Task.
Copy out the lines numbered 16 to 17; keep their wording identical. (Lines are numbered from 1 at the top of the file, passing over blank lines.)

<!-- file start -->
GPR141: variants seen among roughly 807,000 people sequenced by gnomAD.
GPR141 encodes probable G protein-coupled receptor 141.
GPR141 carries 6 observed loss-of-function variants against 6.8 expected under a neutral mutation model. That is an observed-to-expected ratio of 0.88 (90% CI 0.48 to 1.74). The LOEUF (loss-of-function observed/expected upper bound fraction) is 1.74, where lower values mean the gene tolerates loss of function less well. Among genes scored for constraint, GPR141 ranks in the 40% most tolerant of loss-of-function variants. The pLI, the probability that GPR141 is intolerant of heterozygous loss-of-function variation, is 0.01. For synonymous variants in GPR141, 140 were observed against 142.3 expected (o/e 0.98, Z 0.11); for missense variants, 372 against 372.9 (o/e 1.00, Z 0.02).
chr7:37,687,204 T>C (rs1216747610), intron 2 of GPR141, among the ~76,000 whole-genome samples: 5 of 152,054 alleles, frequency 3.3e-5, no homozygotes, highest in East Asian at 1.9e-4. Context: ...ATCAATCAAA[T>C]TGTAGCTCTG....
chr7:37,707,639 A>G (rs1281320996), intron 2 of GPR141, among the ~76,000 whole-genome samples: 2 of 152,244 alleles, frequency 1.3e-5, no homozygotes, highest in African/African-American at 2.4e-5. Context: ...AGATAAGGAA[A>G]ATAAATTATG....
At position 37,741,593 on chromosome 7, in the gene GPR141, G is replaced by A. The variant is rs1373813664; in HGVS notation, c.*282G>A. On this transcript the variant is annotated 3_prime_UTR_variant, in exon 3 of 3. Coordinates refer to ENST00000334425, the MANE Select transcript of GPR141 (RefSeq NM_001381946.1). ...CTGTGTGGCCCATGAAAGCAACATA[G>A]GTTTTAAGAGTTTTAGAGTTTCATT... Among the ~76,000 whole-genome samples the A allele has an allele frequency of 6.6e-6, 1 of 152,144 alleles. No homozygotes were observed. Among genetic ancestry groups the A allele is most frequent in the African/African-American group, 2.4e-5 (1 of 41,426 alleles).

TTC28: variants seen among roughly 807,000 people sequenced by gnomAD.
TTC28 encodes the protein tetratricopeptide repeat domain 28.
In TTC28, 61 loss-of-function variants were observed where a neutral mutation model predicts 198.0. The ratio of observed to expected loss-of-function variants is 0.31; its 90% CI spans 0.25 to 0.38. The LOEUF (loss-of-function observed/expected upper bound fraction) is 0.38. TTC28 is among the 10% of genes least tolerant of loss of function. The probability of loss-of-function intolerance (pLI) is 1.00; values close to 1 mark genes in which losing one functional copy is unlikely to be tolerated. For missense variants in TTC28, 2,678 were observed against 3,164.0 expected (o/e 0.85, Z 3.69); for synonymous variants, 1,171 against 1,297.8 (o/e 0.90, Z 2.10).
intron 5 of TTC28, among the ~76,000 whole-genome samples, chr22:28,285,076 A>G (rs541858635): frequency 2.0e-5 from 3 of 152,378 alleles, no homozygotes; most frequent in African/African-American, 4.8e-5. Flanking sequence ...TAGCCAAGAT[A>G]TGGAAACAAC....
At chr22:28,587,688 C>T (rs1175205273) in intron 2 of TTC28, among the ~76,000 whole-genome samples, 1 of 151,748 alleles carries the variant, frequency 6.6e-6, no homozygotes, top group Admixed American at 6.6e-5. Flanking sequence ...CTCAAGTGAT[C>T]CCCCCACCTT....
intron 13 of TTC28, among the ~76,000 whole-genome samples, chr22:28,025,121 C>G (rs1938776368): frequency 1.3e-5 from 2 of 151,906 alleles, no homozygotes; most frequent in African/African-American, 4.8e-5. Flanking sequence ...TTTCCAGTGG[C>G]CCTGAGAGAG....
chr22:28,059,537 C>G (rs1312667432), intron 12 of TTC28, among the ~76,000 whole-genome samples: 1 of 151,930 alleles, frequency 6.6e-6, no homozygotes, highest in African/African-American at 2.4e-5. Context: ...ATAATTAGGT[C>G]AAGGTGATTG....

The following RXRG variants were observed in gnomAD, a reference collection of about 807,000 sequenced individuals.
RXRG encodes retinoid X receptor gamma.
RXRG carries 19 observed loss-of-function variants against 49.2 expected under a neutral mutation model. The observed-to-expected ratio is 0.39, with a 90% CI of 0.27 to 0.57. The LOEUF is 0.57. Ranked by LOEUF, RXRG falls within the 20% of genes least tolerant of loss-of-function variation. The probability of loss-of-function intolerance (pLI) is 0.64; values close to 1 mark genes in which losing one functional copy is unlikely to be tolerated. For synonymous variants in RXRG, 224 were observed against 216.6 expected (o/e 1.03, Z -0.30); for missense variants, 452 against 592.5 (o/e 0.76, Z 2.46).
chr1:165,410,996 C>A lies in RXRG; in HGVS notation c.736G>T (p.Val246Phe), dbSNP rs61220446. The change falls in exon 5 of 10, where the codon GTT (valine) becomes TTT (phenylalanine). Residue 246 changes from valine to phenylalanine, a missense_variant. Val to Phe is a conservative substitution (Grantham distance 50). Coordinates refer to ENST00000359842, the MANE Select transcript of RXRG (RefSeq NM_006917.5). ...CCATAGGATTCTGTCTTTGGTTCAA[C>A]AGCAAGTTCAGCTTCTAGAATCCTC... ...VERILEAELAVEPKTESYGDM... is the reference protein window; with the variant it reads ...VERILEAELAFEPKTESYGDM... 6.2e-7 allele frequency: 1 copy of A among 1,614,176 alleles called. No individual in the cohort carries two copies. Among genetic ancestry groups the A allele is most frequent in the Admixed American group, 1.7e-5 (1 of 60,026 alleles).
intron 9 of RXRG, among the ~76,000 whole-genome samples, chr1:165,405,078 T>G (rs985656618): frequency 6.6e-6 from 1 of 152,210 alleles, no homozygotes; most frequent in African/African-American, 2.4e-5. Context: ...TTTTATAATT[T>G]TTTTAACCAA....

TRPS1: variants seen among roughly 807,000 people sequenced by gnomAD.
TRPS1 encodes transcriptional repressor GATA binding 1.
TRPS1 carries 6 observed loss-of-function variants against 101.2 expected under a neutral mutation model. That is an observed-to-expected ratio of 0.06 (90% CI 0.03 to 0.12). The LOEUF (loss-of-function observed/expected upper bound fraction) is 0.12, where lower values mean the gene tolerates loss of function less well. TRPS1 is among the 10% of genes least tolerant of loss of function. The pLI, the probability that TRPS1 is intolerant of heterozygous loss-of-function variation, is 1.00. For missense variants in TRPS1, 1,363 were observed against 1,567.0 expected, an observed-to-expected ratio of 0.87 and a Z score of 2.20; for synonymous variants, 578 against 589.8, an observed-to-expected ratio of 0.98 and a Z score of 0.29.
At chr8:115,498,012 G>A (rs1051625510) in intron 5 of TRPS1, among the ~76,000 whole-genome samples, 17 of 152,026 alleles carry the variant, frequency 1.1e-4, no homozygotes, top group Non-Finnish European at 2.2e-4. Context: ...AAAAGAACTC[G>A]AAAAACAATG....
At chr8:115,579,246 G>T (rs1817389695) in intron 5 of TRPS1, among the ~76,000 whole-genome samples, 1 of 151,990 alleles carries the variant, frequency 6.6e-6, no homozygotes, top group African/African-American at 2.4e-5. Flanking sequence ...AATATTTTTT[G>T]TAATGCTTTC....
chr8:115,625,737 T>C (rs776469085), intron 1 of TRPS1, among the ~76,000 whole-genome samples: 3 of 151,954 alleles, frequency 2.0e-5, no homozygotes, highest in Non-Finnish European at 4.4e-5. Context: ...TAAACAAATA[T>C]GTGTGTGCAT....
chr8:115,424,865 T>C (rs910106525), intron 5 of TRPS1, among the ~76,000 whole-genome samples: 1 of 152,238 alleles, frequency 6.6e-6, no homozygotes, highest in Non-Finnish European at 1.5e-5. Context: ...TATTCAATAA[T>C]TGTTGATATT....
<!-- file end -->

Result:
RXRG carries 19 observed loss-of-function variants against 49.2 expected under a neutral mutation model. The observed-to-expected ratio is 0.39, with a 90% CI of 0.27 to 0.57. The LOEUF is 0.57. Ranked by LOEUF, RXRG falls within the 20% of genes least tolerant of loss-of-function variation. The probability of loss-of-function intolerance (pLI) is 0.64; values close to 1 mark genes in which losing one functional copy is unlikely to be tolerated. For synonymous variants in RXRG, 224 were observed against 216.6 expected (o/e 1.03, Z -0.30); for missense variants, 452 against 592.5 (o/e 0.76, Z 2.46).
chr1:165,410,996 C>A lies in RXRG; in HGVS notation c.736G>T (p.Val246Phe), dbSNP rs61220446. The change falls in exon 5 of 10, where the codon GTT (valine) becomes TTT (phenylalanine). Residue 246 changes from valine to phenylalanine, a missense_variant. Val to Phe is a conservative substitution (Grantham distance 50). Coordinates refer to ENST00000359842, the MANE Select transcript of RXRG (RefSeq NM_006917.5). ...CCATAGGATTCTGTCTTTGGTTCAA[C>A]AGCAAGTTCAGCTTCTAGAATCCTC... ...VERILEAELAVEPKTESYGDM... is the reference protein window; with the variant it reads ...VERILEAELAFEPKTESYGDM... 6.2e-7 allele frequency: 1 copy of A among 1,614,176 alleles called. No individual in the cohort carries two copies. Among genetic ancestry groups the A allele is most frequent in the Admixed American group, 1.7e-5 (1 of 60,026 alleles).